48. In the light of its general recommendation No. 33 (2009) on follow-up to the Durban Review Conference, the Committee recommends that the State party, when incorporating the Convention into its domestic legislation, bear in mind the Durban Declaration and Programme of Action, adopted in September 2001 by the World Conference against Racism, Racial Discrimination, Xenophobia and Related Intolerance, and the outcome document of the Durban Review Conference, held in April 2009. The Committee calls on the State party to include, in its next periodic report, specific information on the action plans and other steps taken to implement the Durban Declaration and Programme of Action.
International Decade for People of African Descent
49. In the light of General Assembly resolution 68/237, in which the Assembly proclaimed the International Decade for People of African Descent (2015-2024), and resolution 69/16 on the programme of activities for the implementation of the Decade, the Committee recommends that the State party prepare and implement a suitable programme of measures and policies. In addition, the Committee requests the State party to include, in its next periodic report, precise information on specific measures taken to that end, bearing in mind its general recommendation No. 34.
Dissemination of reports and concluding observations
50. The Committee recommends that the State party make its reports available to the public as from the time of their submission and that it disseminate the present concluding observations in both of the official languages as well as in other commonly used languages.
Consultations with civil society organizations
51. The Committee recommends that the State party engage in consultations and expand its dialogue with civil society organizations active in the sphere of protection of human rights, in particular with regard to combating racial discrimination, when preparing its next periodic report and in its follow-up to the present concluding observations.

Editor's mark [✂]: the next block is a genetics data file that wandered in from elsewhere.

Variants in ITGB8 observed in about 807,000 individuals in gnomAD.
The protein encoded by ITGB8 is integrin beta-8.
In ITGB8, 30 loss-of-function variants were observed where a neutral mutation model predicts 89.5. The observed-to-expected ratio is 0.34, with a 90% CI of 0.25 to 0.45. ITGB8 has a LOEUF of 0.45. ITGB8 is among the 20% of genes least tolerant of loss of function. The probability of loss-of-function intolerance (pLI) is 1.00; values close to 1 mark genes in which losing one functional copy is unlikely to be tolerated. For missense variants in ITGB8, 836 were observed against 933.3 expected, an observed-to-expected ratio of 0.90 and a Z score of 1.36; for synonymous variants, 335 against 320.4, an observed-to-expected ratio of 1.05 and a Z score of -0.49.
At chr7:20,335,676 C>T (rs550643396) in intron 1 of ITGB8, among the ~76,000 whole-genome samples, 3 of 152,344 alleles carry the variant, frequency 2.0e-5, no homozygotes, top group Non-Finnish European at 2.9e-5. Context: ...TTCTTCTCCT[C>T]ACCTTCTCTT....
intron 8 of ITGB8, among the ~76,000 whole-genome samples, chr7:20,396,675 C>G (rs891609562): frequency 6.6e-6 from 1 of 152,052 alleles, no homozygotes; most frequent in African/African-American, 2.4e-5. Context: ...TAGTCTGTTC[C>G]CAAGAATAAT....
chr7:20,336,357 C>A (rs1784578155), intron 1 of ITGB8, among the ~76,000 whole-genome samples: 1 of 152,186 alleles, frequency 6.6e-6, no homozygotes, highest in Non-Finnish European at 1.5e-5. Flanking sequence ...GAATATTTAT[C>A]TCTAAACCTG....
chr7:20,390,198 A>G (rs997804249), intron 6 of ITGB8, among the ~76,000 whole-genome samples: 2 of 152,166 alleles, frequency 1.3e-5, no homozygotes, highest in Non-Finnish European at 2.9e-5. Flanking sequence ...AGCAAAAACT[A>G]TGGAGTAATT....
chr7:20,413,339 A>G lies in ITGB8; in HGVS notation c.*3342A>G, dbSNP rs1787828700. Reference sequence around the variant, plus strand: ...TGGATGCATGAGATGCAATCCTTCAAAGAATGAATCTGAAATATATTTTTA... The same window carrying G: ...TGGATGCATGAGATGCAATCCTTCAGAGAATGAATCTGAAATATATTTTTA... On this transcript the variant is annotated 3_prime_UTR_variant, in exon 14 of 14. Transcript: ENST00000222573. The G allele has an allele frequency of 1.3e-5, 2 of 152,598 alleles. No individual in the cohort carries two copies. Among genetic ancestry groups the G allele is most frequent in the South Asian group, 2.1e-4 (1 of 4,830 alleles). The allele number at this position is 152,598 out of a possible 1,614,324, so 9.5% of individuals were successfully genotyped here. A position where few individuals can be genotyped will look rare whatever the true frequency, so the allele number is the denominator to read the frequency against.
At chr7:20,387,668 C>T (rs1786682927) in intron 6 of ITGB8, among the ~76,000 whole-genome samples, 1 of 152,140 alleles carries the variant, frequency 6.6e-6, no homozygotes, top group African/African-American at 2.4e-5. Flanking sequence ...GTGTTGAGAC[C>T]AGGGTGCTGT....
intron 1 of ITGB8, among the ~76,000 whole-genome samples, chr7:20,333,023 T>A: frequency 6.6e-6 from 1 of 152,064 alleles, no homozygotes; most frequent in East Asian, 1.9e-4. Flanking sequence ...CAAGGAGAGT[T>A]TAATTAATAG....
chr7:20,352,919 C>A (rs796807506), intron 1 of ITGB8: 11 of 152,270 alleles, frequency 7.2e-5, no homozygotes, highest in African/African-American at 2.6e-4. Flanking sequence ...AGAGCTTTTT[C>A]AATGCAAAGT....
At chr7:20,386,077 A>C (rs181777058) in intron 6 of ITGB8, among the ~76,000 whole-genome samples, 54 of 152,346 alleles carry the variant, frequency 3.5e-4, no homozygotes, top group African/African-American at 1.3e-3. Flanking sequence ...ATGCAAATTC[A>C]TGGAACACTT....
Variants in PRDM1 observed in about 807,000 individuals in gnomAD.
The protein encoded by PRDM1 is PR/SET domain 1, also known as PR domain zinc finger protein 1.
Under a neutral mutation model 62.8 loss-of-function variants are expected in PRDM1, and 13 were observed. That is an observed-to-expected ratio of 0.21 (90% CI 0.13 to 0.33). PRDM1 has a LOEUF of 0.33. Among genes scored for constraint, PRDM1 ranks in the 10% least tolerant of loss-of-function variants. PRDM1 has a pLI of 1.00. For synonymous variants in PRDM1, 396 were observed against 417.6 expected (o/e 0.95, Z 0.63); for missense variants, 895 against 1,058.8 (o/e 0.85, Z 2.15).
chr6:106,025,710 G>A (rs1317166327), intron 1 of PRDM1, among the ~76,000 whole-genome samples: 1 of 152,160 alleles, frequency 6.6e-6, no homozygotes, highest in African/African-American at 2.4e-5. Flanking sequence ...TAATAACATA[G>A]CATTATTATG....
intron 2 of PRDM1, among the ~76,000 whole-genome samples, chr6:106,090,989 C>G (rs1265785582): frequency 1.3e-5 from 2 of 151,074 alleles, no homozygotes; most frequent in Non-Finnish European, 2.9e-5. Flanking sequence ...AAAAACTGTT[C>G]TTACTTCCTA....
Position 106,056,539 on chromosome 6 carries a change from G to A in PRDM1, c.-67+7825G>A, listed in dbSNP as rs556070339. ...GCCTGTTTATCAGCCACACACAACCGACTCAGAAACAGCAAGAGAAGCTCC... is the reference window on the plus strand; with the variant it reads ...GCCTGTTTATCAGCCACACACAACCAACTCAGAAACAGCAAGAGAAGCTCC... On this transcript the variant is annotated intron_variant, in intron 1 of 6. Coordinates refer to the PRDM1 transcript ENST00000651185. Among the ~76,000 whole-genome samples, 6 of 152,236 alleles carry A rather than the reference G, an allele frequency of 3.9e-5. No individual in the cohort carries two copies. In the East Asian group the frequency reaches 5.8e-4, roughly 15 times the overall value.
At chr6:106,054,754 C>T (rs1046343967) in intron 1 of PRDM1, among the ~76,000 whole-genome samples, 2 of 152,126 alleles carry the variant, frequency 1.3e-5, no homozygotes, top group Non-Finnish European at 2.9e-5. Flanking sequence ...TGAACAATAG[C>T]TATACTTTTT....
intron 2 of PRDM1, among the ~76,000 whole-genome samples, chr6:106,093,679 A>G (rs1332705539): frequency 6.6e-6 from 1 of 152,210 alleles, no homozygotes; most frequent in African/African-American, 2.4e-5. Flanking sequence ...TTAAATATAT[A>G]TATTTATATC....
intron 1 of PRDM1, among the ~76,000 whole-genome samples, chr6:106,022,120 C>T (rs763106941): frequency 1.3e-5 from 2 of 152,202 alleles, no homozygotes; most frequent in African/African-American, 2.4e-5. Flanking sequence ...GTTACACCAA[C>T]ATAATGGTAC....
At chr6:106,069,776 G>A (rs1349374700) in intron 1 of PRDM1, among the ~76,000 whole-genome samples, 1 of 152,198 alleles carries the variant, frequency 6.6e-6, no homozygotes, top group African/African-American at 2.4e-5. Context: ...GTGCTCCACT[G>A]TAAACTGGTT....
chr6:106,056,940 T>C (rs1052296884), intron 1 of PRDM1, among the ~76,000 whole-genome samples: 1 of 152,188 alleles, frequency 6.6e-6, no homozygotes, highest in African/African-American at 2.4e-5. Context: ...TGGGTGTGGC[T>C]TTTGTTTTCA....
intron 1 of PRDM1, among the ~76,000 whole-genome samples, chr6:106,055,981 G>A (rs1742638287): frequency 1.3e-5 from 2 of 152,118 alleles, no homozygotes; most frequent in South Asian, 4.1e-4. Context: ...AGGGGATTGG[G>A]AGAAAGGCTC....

Follow-up to concluding observations
52. In accordance with article 9 (1) of the Convention and rule 65 of the Committee ’ s amended rules of procedure, the Committee requests the State party to provide information, within one year following the adoption of the present concluding observations, on its follow-up to the recommendations contained in paragraphs 14, 22 and 30 (b) above.
Paragraphs of particular importance
53. The Committee wishes to draw the attention of the State party to the particular importance of the recommendations contained in paragraphs 10, 20 and 40 above, and requests the State party to provide detailed information in its next periodic report on the specific measures taken to implement them.
Preparation of the next periodic report
54. The Committee recommends that the State party submit its seventh and eighth periodic reports, combined into a single document, by 17 September 2018, taking into account the treaty-specific reporting guidelines adopted by the Committee at its seventy-first session (CERD/C/2007/1) and addressing all the points raised in the present concluding observations. In accordance with General Assembly resolution 68/268, the Committee urges the State party to observe the limit of 21,200 words for periodic reports.